10 – Singer Vanilla Ice (Robert Van Winkle) & Witney Carson
       Viennese Waltz to “La Nouba” from La Nouba

The new ladder aerobatic act and Green Bird added atmosphere to this act, with Ice dressed as a ringmaker in a costume I couldn’t see as being very Cirque-related. The music was another great rendition and the dance was good but not great. Ice pointed out during the video package that he had five concerts to perform that week, so would only have a couple of hours between sound check and showtime to practice with Carson each day. Complaining about outside committments has often been the kiss of death to voters, who figure if you’re not devoting all or much of your time to the competition you shouldn’t stay. [DWTS Score – 23 | Cirque Score – 8]

11 – Indy Car driver James Hinchcliffe & Sharna Burgess
       Quickstep to “The Hollywood Whiz” from Paramour

A great way to end the show. Driver Hinchcliffe has been the surprise of the season, a true non-dancer (unlike many DWTS celebrities who have had prior dance training of some sort) who is coming into his own. His Hugh Jackman-like good looks and good-humored nature have endeared him to voters, as has his improvement as a dancer. Hinchcliffe plays director AJ Golden, with red-maned Burgess perfect to play Indigo. They visited the show in New York to meet the cast and get pointers. This is a more straight-up interpretation of the opening number of the show, incorporating show acrobats Chris and Remy. It sparkles, dazzles and entertains. [DWTS Score – 28 | Cirque score – 10]

* * *

The Tuesday night results show was a double elimination, with Babyface Edmonds (who had the lowest judge’s score of the night) and Vanilla Ice being eliminated. We are still in the early going where the worst dancers are eliminated before voting blocs, name recognition, and personality and character appeal become more important toward the middle of the competition. What, you thought they were just judged on their DANCING?

Several times during the show a character or prop would make an appearance. The boot tricycle and bubble piano from LOVE, the Green Bird from La Nouba interacting with the judges. There was no attempt during these pieces to attach the object/character to a particular show. In this context it worked – it was all “CIRQUE” and I think brand awareness in general was the goal here.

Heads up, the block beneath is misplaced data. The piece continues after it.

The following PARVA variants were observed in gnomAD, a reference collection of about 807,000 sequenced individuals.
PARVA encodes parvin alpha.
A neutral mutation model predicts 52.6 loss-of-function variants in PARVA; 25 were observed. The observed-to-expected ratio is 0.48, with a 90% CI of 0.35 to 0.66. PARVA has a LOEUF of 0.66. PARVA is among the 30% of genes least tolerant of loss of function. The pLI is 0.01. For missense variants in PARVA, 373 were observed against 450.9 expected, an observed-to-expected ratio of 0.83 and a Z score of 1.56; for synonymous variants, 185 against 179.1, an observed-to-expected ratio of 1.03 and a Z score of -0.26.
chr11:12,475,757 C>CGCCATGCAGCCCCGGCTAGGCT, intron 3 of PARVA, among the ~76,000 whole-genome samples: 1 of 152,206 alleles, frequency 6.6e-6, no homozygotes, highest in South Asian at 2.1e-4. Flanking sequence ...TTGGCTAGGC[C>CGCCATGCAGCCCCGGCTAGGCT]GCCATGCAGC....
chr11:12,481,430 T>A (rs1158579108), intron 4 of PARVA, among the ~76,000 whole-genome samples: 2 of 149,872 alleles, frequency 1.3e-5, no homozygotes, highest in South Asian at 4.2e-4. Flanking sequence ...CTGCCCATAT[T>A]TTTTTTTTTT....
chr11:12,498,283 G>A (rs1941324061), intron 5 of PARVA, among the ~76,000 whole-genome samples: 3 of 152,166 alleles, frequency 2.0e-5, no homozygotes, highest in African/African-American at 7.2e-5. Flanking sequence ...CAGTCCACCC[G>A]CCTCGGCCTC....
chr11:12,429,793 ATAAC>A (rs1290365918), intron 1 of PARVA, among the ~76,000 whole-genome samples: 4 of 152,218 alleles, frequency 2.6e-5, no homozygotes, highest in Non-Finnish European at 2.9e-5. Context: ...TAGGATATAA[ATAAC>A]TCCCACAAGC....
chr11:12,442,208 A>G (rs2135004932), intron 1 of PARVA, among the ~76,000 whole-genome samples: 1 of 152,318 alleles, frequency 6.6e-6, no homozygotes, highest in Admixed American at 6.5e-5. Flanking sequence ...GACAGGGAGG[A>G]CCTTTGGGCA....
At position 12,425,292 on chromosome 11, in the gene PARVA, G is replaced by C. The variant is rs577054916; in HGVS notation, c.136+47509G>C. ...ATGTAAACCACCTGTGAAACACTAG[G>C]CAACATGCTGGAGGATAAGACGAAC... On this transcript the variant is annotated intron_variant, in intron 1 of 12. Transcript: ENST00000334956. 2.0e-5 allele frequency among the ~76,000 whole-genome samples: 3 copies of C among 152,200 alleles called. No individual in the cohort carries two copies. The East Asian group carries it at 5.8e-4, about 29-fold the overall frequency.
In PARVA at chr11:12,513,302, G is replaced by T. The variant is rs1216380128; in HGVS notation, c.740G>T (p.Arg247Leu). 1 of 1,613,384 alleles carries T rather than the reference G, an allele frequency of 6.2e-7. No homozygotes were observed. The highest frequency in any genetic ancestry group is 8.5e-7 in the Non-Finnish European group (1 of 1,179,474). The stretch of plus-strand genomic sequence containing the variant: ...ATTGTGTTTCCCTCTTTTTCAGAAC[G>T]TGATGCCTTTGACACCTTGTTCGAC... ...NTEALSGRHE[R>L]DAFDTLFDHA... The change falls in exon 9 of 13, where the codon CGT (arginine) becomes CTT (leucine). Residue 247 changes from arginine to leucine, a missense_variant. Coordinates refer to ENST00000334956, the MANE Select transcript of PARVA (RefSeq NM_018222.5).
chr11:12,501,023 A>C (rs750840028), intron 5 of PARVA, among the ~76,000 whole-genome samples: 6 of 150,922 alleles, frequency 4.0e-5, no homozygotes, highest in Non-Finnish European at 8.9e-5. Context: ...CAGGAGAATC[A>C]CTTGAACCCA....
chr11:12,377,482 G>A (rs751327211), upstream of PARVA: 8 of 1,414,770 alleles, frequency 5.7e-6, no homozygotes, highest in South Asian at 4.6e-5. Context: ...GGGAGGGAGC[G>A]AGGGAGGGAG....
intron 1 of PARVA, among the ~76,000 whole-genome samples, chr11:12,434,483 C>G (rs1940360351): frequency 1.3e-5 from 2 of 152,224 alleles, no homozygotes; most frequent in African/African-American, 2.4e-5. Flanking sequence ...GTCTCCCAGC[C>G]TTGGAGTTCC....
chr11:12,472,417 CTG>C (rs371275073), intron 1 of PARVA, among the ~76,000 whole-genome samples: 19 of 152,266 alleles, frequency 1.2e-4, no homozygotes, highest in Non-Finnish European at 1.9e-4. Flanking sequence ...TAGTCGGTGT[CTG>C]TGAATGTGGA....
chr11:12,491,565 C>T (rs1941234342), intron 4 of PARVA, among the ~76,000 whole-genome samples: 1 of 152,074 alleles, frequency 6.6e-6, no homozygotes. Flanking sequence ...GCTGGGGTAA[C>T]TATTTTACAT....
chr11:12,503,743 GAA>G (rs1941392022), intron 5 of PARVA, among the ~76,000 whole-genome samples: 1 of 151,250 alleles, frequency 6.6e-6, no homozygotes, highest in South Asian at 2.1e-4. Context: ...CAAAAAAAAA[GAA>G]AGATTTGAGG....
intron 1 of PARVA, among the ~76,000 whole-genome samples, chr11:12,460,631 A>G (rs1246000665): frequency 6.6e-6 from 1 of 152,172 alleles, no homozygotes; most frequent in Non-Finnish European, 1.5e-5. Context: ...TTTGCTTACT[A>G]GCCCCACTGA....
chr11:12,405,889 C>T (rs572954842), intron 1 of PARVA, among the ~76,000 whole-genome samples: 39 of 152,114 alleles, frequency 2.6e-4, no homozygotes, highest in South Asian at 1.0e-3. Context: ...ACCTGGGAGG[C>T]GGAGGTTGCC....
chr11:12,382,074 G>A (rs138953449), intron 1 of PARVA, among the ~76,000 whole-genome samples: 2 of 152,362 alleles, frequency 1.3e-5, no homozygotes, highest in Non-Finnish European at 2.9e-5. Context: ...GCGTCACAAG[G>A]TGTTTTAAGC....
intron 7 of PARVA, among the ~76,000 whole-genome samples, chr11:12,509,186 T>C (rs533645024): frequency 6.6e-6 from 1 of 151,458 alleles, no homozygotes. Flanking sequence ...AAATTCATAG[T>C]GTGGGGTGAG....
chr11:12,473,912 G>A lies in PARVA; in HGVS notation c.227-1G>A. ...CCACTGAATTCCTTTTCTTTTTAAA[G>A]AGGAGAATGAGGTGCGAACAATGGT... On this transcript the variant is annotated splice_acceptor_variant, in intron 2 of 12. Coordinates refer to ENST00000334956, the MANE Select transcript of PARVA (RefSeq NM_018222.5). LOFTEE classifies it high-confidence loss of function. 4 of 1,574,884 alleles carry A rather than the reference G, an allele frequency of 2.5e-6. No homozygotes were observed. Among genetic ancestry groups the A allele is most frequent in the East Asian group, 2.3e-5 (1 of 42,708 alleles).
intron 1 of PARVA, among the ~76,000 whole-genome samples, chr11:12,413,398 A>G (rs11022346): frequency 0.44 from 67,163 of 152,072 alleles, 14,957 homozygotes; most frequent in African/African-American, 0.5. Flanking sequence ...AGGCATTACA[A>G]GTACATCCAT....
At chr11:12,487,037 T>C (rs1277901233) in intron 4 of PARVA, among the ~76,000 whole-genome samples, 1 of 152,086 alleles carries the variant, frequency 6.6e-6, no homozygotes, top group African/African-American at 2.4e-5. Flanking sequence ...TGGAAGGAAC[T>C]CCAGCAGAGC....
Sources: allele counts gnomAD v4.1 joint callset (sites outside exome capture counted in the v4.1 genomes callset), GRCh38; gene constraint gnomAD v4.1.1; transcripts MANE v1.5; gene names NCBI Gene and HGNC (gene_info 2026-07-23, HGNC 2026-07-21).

Though doing so might have made it feel like an infomercial, there was little context given to the theme of the show the contestants were “inspired” by. Something quick in the behind-the-scenes video package that explained “this show involves a scientist who unlocks a turn-of-the-century steam-punk-ey world of incredible visitors from another realm” (in the case of Kurios) would have been fine.

As it was they were presented visually with no explaining context. The video package showed Lochte practicing in the “O” pool. Why is there a pool, what does it have to do with the theme of the show? Why is that half-naked red bird fella flipping about on the stage during the Mystere number, what’s he all about? There was next to no effort expended to explain that all these shows are different from one another, so they all ended up looking no different from one another. As my mother is happy to explain, “I’ve seen Cirque du Soleil once already.” That felt like a missed opportunity, but perhaps the TV show structure didn’t allow for it. I thought there would be a 30 or 60 second advertisement by Cirque, something to the extent of – (beautiful shots of acrobats and circus acts doing impossible things in the background) “all these shows you’re seeing interpreted here? They’re all different, all beautiful, and all worth seeing, and you can see them by going to or calling this number for tickets.” Which might have brought the point home a bit more, but again risked the infomercial concern.

While being interviewed on the DWTS All Access webcast, longtime Mystere Red Bird Ross Gibson revealed that plans for the Cirque/DWTS mash-up had been in process for several years. And that is likely an understatement. The amount of negotiation between Cirque, DWTS, and ABC over what Cirque shows to feature, what songs from those shows, clearances for the Jackson and Beatles songs, what pieces of Cirque intellectual property to include in the show, how to design costumes similar to but not exactly like Cirque costumes, even how the Cirque and DWTS logo would mesh must have been daunting. Add to that scheduling Cirque artists to perform at the show and the amount of prep with rigging, lights, costumes, makeup, stage management, safety, the list goes on. I’ll bet the “cast list” of people involved from the Cirque end is a long one (and deserves to be published – which we’d be happy to do if you want to contact us, Cirque)!

This was an interesting foray for Cirque du Soleil, as it was for Dancing With The Stars. While it certainly raised Cirque awareness among millions of people with one show, I don’t think it did much to convince viewers to see multiple shows. That will now be their next challenge.

Highlights from the show can be found on the Dancing with the Stars YouTube channel: < > under “Week 4.”